Since Windows 2000, predefined security templates have become part of the Windows environment. In this tip, I describe what's in various releases introduced since Windows 2000 and recount how different versions of identical files have different features, along with incredibly brief descriptions.
Predefined Windows Security Template Details
Table 1 describes predefined template files, from %systemroot%securitytemplates. Empty cells mean a file is missing in the corresponding OS; when file sizes change, it's safe to assume contents also change -- usually, to accommodate new security features, version names, and so forth. For more information on .inf files, visit www.microsoft.com/technet/ and search on the filename.
Table 1: Predefined Windows Security Template files
|Template filename||Windows 2000 Pro||Windows 2000 Srvr||Windows XP Pro||Windows Srvr 2003|
Template file descriptions
- basicdc.inf, basicsv.inf, basicwk.inf: makes NTFS permissions on upgraded machines identical to new installs on domain controllers, servers, workstations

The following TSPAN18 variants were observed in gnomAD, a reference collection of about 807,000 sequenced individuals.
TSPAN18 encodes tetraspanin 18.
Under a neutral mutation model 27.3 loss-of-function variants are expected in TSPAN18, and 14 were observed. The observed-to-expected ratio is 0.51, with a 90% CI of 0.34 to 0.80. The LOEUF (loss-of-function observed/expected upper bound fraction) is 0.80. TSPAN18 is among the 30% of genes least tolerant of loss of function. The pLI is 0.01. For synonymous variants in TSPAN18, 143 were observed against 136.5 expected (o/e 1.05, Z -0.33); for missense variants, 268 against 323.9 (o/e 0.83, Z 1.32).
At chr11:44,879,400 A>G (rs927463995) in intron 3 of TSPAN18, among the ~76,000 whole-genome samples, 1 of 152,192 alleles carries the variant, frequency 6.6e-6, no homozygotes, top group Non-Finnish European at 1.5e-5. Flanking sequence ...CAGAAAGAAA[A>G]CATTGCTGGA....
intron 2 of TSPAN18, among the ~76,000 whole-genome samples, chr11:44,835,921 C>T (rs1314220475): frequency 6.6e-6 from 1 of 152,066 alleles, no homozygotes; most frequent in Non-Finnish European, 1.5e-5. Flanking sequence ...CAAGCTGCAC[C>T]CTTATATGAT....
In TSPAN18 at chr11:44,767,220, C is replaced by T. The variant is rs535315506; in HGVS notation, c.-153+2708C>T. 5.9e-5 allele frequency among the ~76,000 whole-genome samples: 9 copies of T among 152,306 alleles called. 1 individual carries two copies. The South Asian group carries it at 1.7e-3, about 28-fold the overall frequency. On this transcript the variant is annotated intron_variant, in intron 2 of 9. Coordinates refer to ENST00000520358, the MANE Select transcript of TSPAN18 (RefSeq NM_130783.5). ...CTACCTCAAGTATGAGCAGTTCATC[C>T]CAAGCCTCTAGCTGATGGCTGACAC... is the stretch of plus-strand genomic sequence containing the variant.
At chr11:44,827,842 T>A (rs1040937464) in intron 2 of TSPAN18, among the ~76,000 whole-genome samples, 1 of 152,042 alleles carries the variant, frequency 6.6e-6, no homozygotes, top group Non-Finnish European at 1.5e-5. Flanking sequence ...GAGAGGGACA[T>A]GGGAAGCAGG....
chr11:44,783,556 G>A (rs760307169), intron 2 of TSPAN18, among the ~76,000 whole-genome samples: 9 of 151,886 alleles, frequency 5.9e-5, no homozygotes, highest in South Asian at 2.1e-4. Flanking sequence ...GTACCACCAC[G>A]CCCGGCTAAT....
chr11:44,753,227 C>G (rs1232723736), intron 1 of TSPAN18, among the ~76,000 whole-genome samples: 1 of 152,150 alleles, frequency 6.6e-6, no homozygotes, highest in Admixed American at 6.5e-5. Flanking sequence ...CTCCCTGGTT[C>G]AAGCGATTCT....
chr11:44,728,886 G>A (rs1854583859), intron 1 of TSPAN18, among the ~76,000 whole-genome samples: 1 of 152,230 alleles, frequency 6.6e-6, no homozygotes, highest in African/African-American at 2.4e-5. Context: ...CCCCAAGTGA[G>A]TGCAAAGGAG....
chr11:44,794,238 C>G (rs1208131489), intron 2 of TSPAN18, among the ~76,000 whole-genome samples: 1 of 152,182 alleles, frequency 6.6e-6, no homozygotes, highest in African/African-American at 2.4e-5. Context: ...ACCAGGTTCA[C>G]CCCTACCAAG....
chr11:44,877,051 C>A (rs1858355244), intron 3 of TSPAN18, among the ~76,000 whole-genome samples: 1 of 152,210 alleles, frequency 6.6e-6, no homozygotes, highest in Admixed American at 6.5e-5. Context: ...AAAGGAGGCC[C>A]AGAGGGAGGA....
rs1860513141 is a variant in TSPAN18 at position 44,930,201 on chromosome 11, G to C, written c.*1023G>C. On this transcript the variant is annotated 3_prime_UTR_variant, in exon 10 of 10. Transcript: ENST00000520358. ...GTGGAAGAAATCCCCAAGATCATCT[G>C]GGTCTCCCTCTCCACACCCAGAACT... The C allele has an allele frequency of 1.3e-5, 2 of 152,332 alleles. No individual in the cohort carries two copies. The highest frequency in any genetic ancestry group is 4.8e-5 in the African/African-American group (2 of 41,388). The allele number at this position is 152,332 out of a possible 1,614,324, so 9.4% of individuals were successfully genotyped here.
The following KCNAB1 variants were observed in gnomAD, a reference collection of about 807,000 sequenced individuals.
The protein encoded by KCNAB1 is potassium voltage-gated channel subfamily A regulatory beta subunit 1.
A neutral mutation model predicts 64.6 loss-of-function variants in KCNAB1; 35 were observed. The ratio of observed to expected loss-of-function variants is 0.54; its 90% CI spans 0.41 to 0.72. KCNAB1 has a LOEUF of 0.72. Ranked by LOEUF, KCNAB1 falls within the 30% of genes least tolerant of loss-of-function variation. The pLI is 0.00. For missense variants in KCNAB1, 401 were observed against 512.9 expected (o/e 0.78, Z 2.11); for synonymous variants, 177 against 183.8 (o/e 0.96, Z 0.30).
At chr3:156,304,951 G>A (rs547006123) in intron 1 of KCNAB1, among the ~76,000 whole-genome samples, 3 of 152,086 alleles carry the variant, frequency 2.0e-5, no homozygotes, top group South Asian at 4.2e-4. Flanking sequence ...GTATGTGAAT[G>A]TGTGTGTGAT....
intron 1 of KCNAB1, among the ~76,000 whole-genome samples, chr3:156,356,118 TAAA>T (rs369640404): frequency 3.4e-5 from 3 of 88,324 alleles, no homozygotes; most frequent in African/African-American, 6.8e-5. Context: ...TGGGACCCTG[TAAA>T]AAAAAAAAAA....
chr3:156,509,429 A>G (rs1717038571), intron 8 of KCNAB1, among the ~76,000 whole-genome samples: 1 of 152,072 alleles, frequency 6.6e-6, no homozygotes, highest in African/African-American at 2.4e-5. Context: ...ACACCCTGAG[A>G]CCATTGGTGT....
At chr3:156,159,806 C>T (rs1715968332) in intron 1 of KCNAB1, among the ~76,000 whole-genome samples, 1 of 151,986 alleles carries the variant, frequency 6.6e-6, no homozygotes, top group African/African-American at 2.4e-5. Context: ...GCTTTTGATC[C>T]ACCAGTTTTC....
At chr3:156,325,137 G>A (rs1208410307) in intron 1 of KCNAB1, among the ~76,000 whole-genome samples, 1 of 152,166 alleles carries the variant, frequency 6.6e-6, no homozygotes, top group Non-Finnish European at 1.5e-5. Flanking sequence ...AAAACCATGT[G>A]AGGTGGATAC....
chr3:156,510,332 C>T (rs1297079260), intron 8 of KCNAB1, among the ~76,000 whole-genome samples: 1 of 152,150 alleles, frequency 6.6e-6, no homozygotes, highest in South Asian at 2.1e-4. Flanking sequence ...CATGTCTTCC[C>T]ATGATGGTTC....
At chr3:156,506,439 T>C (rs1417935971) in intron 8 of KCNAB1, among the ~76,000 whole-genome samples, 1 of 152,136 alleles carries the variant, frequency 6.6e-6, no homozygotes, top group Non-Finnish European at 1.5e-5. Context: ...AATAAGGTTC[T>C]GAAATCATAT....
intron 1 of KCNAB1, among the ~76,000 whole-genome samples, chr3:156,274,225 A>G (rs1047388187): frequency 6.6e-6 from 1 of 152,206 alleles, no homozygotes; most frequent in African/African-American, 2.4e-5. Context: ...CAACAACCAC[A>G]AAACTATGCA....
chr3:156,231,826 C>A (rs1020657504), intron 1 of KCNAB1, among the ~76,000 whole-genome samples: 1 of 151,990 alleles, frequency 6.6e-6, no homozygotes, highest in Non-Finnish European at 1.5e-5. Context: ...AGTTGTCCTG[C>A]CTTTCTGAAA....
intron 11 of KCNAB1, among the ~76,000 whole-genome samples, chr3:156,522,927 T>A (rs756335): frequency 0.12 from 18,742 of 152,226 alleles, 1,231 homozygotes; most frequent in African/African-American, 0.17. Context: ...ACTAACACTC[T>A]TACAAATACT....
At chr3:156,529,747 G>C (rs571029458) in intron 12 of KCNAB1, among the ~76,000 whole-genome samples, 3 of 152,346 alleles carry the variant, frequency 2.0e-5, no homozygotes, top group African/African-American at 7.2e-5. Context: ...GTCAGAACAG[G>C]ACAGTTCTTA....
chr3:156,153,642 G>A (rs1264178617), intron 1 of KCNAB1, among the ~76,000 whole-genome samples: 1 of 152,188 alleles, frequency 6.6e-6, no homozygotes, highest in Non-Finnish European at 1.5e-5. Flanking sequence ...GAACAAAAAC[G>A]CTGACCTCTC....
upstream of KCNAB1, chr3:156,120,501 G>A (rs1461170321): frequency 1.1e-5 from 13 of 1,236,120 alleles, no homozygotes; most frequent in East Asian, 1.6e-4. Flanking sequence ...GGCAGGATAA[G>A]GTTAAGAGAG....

- compatws.inf: permits admins to change default User group permissions to grant higher-level privileges without promoting members to Power Users group
- DC security.inf: registry and file settings for Windows 2000 domain controllers
- hisecdc.inf, hiscws.inf: extends secure*.inf; requires higher-levels encryption, signing, and authentication domain controllers and workstations
- iesacls.inf: Windows Server 2003 lockdown for Internet Explorer security settings
- notssid.inf: turns off Terminal Server SIDs on servers where TS not in use
- ocfiless.inf, ocfilessw.inf: increases local security of optional components: IE, NetMeeting, IIS, etc. on servers and workstations
- rootsec.inf: specifies new root permissions introduced with Windows XP Pro
- securedc.inf, securews.inf: defines enhanced security settings least likely to impact application compatibility for domain controllers and workstations
- setup security.inf: computer-specific template; default security settings applied during installation, including root system drive file permissions
In my next tip, I'll cover default security templates that live in %systemroot%inf, and how they can sometimes save your bacon!
Thomas Alexander Lancaster IV is a consultant and author with over ten years experience in the networking industry, focused on Internet infrastructure.
This was first published in June 2003